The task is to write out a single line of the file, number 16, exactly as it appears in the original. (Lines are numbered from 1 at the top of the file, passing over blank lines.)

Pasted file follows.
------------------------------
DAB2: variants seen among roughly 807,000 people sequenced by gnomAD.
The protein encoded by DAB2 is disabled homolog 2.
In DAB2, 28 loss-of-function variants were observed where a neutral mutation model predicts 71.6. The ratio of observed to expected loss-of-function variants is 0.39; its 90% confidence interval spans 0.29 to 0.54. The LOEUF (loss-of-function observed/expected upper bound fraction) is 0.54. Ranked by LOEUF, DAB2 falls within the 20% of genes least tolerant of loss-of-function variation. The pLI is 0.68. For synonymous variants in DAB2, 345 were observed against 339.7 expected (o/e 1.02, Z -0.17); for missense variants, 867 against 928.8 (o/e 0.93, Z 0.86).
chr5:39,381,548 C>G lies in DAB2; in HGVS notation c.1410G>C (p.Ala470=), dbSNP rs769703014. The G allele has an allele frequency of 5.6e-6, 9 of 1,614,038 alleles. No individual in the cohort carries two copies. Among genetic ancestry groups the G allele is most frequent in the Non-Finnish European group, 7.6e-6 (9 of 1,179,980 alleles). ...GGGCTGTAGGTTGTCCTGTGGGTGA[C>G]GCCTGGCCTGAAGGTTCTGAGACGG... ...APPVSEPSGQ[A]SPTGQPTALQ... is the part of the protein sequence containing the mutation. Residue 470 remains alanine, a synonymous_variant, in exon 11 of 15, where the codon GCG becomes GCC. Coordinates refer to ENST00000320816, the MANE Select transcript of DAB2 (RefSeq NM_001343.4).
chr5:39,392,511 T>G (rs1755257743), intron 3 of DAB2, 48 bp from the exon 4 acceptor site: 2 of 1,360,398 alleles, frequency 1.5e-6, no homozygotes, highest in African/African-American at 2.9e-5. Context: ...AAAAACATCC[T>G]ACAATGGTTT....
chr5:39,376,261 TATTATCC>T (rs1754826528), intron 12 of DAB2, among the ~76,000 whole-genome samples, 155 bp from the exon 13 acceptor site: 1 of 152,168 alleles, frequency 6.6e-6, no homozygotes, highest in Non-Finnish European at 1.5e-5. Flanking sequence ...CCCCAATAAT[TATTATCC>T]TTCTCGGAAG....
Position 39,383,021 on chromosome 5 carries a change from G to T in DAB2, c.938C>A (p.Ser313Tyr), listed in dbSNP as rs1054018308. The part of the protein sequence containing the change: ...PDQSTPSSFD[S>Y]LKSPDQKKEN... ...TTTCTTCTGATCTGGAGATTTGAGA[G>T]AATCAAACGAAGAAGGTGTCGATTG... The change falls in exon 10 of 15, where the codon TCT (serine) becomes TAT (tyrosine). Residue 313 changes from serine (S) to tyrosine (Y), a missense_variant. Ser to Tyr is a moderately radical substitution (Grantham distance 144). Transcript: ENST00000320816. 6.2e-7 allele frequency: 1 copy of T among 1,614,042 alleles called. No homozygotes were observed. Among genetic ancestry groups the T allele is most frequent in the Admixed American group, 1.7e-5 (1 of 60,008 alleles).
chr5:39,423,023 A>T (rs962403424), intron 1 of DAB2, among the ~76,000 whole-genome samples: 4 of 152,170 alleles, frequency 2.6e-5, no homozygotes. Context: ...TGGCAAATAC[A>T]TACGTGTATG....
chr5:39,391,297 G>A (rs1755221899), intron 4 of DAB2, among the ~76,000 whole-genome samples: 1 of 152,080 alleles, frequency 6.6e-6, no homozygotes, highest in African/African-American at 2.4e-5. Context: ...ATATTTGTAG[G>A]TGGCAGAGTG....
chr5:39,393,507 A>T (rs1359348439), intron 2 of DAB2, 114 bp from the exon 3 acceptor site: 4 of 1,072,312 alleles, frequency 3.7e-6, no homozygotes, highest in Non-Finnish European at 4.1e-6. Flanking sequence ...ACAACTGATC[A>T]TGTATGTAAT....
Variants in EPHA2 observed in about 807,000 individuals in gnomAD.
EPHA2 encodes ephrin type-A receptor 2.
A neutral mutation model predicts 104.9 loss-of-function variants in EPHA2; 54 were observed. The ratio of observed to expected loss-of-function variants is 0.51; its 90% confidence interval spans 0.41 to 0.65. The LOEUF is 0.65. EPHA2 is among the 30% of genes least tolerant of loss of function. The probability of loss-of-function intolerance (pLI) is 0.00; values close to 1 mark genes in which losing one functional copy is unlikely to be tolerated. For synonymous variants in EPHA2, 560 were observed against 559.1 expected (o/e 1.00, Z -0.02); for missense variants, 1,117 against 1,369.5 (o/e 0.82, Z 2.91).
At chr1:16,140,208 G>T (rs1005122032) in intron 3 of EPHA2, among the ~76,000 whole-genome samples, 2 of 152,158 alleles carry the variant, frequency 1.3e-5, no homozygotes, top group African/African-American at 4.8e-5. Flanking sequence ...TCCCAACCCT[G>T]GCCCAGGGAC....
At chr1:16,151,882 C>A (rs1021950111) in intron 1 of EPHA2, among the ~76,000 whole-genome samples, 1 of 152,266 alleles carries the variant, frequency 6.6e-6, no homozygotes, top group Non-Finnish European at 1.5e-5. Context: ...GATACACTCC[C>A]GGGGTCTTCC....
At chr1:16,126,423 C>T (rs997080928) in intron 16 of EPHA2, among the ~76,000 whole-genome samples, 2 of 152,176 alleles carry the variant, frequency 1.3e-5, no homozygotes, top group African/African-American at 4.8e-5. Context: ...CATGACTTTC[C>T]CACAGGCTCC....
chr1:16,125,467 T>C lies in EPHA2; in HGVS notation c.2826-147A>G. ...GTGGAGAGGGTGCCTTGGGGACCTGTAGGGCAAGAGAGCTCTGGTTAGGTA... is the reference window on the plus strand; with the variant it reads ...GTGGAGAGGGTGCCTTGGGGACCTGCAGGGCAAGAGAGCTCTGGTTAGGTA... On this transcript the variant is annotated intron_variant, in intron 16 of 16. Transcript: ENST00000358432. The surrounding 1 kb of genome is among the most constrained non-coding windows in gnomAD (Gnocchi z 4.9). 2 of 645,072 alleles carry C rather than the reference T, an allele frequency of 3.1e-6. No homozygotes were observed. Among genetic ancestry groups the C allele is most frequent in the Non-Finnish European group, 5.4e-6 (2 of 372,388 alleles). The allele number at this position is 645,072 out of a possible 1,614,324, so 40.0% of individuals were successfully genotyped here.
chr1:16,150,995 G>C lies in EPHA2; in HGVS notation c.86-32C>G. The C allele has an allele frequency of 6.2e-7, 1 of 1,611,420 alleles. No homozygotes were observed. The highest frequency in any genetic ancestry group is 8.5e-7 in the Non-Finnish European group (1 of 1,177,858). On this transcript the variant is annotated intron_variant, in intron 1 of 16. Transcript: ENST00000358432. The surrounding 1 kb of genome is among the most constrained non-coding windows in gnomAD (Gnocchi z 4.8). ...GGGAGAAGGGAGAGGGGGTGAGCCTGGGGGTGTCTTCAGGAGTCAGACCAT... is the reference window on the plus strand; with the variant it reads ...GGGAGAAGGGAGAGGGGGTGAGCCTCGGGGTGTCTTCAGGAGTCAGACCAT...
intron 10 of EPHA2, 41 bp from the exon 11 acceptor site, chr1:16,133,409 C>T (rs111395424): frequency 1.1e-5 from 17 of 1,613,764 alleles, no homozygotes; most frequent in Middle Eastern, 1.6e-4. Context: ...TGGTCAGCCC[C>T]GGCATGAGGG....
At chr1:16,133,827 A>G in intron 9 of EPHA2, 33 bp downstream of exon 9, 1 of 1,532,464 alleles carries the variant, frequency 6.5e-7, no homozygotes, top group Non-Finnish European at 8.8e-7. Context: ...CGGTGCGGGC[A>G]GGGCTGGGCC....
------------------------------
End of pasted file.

At chr1:16,126,423 C>T (rs997080928) in intron 16 of EPHA2, among the ~76,000 whole-genome samples, 2 of 152,176 alleles carry the variant, frequency 1.3e-5, no homozygotes, top group African/African-American at 4.8e-5. Context: ...CATGACTTTC[C>T]CACAGGCTCC....